The Nokota Horse Conservancy believes that the wild horses in North Dakota’s Theodore Roosevelt National Park badlands descend from horses surrendered by Chief Sitting Bull in 1881. Park officials disagree.

Published in November 2013

The badlands of North Dakota are a dented-up country of pyramid buttes, finger ridge lines and zigzag ravines carved by the Little Missouri River. The bizarre landscape has a history of invoking mixed emotions. A cavalry soldier from the 1860s called it hell, with the fires put out. Theodore Roosevelt, who ranched in the badlands, described their “savage desolation” as reminiscent of the macabre poetry of Edgar Allan Poe. Since the badlands were incorporated into what would become Theodore Roosevelt National Park, in 1935, people have been more inclined to view them in a scenic light.

Nevertheless, contention abounds over the national park’s herd of wild horses. In one camp, there’s the Nokota Horse Conservancy, an organization that believes the park’s herd descends from horses that once belonged to Chief Sitting Bull. And in the opposing camp are the land managers of Theodore Roosevelt National Park. They refute the connection, arguing that the concept of a “Nokota” breed is a fabrication. Are Nokotas legitimate heirs of Lakota horse culture, or just illegitimate castoffs of Theodore Roosevelt National Park?

Brothers Frank and Leo Kuntz are easy to tell apart. Frank sports a walrus mustache, and Leo wears suspenders. They grew up on their family’s ranch, located on the rolling grasslands of North Dakota. Long before they helped found the Nokota Horse Conservancy, the Kuntzes were just thrill-seeking ranch boys who liked fast horses.

“We didn’t get into it to save an old strain of horses,” Leo says. “We got into it because we were cross breeders.”

The Kuntzes competed in Great American horse racing, an event where horsemen rode pell-mell over a mile-and-a-half of broken country. The risk of injury was so high that the sport earned the nickname “suicide racing.” To be successful, a rider needed a horse that was as rugged as the badlands themselves. So the Kuntz brothers set out on a quest to find horses with good “bone,” a catchall term they seem to use for strength, stamina and smarts.

In 1978, Leo bought a pair of horses that had been gathered off Theodore Roosevelt National Park. The horses were surefooted on broken ground, speedy on the open flats, and equipped with deep lungs that didn’t tire easily. They took to cross-country racing like second nature. In 1986, when the park announced another roundup and auction, Frank and Leo took out a bank loan and bought 54 horses, with plans to use them as a breeding unit for producing a specialized line of cross-country horses.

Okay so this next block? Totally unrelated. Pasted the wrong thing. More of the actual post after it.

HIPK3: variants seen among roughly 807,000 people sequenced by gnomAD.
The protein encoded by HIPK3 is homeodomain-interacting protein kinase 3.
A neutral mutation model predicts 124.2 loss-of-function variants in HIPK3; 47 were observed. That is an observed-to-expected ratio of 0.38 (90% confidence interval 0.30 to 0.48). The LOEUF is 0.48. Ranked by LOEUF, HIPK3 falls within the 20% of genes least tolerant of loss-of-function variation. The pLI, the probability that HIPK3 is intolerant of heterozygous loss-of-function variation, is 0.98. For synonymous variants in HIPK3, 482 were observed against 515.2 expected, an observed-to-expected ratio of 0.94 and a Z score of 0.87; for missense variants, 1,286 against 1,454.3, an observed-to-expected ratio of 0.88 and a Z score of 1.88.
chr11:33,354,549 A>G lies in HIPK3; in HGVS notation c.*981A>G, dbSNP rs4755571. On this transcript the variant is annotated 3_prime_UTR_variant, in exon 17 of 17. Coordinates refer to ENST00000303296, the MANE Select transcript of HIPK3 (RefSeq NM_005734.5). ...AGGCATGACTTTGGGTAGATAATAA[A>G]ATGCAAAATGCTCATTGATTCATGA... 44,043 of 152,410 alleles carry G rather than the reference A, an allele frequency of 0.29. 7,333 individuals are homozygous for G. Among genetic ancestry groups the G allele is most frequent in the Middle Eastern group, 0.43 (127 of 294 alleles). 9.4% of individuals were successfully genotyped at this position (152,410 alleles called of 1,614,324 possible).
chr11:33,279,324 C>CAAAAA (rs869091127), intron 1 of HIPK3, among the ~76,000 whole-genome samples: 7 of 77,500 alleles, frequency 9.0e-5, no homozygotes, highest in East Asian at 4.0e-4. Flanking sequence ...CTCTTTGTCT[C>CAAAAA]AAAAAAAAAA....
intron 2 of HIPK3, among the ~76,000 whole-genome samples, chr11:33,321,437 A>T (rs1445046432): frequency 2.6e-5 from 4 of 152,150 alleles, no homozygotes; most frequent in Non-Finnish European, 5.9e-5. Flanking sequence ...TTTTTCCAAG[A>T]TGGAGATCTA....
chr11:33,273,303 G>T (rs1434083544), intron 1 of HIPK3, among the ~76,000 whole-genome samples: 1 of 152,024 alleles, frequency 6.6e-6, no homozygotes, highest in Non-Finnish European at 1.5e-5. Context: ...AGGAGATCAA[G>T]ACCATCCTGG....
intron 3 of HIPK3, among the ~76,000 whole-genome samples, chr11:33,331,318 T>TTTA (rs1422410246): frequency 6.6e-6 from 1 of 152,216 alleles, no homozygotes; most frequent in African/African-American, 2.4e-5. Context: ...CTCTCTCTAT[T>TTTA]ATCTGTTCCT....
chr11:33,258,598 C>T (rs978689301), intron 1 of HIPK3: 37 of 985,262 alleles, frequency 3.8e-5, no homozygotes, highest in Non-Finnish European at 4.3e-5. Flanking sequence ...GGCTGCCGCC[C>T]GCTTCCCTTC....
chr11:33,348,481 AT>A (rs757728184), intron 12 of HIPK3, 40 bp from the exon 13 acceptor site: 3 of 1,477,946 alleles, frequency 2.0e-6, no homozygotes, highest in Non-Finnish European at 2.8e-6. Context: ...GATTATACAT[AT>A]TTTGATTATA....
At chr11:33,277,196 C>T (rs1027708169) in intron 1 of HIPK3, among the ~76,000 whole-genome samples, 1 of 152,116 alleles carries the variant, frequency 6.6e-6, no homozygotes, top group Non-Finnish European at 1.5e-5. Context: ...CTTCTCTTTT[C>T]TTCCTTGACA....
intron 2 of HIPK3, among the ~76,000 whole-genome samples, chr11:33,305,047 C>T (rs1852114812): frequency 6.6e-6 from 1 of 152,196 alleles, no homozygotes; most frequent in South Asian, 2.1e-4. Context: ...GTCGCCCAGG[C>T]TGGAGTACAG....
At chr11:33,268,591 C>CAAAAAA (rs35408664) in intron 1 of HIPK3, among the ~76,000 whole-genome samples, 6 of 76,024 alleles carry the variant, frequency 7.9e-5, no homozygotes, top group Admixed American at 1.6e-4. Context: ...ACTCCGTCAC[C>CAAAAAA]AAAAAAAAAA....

During the 1980s, the park service shifted how it managed wild horses in Theodore Roosevelt National Park. Tom Tescher, the famed North Dakota rodeo bronc rider, worked with the park to introduce domestic stallions to “improve” the wild herd’s genetics, including a Quarter Horse, an Arabian and a Shire-paint stallion bought at the Miles City Bucking Horse Sale. During roundups, undesirable native horses were culled in order to let the introduced bloodlines flourish.

Coincidentally, native horse were the ones the Kuntz brothers wanted to buy. Though it was not Frank and Leo’s initial motive, they salvaged an heirloom bloodline at a moment when the herd’s genetics were about to dramatically shift.

“They don’t write manuals for how to save a breed of horse,” Frank says. “It’s not something we were setup for. It just happened.”

As the brothers took an interest in the history of the horses, they discovered that the park’s herd might have descended from horses surrendered by Chief Sitting Bull, the rebel Lakota leader.

Among the Lakota people, the year 1876 is known as “The Year We Lost Our Horses.” The name seems surprising, considering that in June the Lakota had fought alongside the Cheyenne and Arapaho to defeat General George Armstrong Custer’s cavalry at the Battle of Little Bighorn. But the victory proved bittersweet, as the U.S. Army retaliated with extensive military campaigns, the wholesale slaughter of buffalo to starve rebel tribes into submission, and a Draconian law requiring all natives to surrender their horses. From Oklahoma to Montana, native horses were rounded up, sold off or in some cases slaughtered.

“Make them poor by destruction of their stock, and then settle them on the lands allotted to them,” General Philip Sheridan had said at the outset of the Indian Wars.

In the wake of the Battle of Little Bighorn, Chief Sitting Bull’s rebel band fled into Canada. But after four hard years on the Saskatchewan prairie, they crossed into North Dakota and surrendered at Fort Buford. The U.S. Army treated the Lakotas as prisoners of war. They confiscated their herd of 350 horses, and put them up for sale at the local trading post. Sitting Bull was imprisoned at Fort Yates, South Dakota, and then forced to settle on the Standing Rock Reservation. During his quiet hours, Sitting Bull would draw sketches of his exploits as a warrior mounted on a blue horse, lance in hand and arrows flying through the air.

The Lakota had lost not only their horses, but their freedom, bringing to an end a nomadic way of life that had been their custom for at least a century.

The Nokota Horse Conservancy is based on an assumption that Sitting Bull’s constituted a breed. But, whereas natives like the Nez Perce castrated geldings and used selective breeding to create the Appaloosa horse, the Lakota did not practice any form of active animal husbandry. Still, animal science is complicated and a case could be made that Sitting Bull’s horses constituted a sort of alternate breed classification. To understand how requires first taking a wide-angle look at the history of horses on the northern plains.